I have been studying the pronunciation of Greek-derived words in English, and I've found an odd anomaly. There are (at least) two possible pronunciation patterns for plural word-forms that end in -mata (which correspond to singular word-forms that end in -ma).
Antepenult stress (expected)
It appears that it is always possible to place the stress on the antepenult (third-to-last) syllable, such as:
- lémma, lémmata /ˈlɛmə/, /ˈlɛmətə/
- schéma, schémata /ˈskiːmə/, /ˈskiːmətə/
- teratóma, teratómata /ˌtɛrəˈtoʊmə/, /ˌtɛrəˈtoʊmətə/~/ˌtɛrəˈtɒmətə/
- stígma, stígmata /ˈstɪɡmə/, /ˈstɪɡmətə/
This is what would be expected from the stress rules of Latin (I believe most or all of these words came through Latin before entering English), since the penultimate "a" in the original Greek words is short.
Maybe Latin vowel quality and stress rules are not very relevant; certainly, few English speakers know about them nowadays. And even with antepenult stress, some of these pronunciations do not seem to follow all of the traditional rules for pronouncing Latin-derived terms in English. I was reminded by some comments in this Languagehat blog post that in antepenult stressed syllables, we would expect tense ("long") vowels to be shortened due to trisyllabic laxing (TSL), yielding pronunciations like /ˌtɛrəˈtɒmətə/ (which I just noticed is in fact listed in the Oxford English dictionary) and ?/ˈskɛmətə/ (which is not). (Compare to genus~genera /dʒiːnəs/~/dʒɛnərə/, and perhaps opus~opera /oʊpəs/~/ɒpərə/). However, there are other Latinate plural forms that typically don't have trisyllabic laxing (matrices, also I think helices), or where both the lax- and tense-voweled pronunciations coexist (codices, apices), so I guess the apparent lack of it in schemata should not be surprising. (There are even some exceptions to TSL in singular nouns like obesity.)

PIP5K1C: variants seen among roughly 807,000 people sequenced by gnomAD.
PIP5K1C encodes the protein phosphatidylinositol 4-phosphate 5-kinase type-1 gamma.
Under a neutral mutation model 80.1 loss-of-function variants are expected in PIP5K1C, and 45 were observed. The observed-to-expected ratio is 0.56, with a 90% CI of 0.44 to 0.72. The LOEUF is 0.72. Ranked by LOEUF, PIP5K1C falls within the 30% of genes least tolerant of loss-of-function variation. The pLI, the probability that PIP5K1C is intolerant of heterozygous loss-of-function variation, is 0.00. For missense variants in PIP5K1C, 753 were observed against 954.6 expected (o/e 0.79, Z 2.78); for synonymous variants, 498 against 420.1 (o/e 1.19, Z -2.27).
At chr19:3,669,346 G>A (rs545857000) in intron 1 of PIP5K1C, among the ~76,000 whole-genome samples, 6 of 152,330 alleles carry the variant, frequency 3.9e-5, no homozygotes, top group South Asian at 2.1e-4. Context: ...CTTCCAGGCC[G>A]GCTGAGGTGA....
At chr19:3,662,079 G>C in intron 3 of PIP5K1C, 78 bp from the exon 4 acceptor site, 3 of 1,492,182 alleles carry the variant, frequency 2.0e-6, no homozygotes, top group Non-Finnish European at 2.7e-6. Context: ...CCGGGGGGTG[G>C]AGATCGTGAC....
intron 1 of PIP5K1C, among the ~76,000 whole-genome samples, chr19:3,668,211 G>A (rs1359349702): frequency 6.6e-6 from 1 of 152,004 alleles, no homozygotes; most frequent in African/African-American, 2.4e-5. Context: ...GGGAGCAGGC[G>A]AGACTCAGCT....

Penult stress (unexpected)
The other pronunciation seems to exist only for a couple of words, in which the penultimate "a" is commonly stressed and broadened: stigma ~ stigmáta /stɪgˈmɑˑtɐ/ (listed by both the Merriam-Webster dictionary and the Oxford Learner's Dictionaries), and also sometimes schéma ~ schemáta /skiːˈmɑːtə/ (listed only by the Oxford Learner's Dictionaries). (Neither the Merriam-Webster dictionary nor the Oxford Learner's Dictionaries list *"lemmáta"). I'm wondering why this pronunciation exists. It's an irregular plural either way, and putting the stress on the penultimate syllable creates a stress change between the singular and the plural forms.
(It's true that all of these words are rare, and some people might pronounce some of their plurals differently. The pronunciations I give here are simply the ones listed in dictionaries.)
The plural form "stigmata" is probably most common in religious or theological contexts (where it refers to the wounds of Christ), so at first I wondered if the penultimate stress was supposed to be closer to the original Greek pronunciation, but according to Wiktionary, the stress is on the antepenult in Greek as well.
So, what's up with this? Did the stress perhaps change in Latin over time, is this a tradition of Greek accentuation that I'm not familiar with, is this a simple matter of ignorance of the original position of the stress that has now become entrenched with time and usage, or is this somehow explainable by established English stress patterns? (For example, do English speakers have some natural preference for a penultimate stress on polysyllabic words?)
If nobody knows of a reason, I suppose I can just put it down to people encountering the word mainly in text, not knowing which syllable to stress, and choosing the penult because it sounds better to them.
(I asked this question a while back on Wordreference, but nobody knew of any reason.)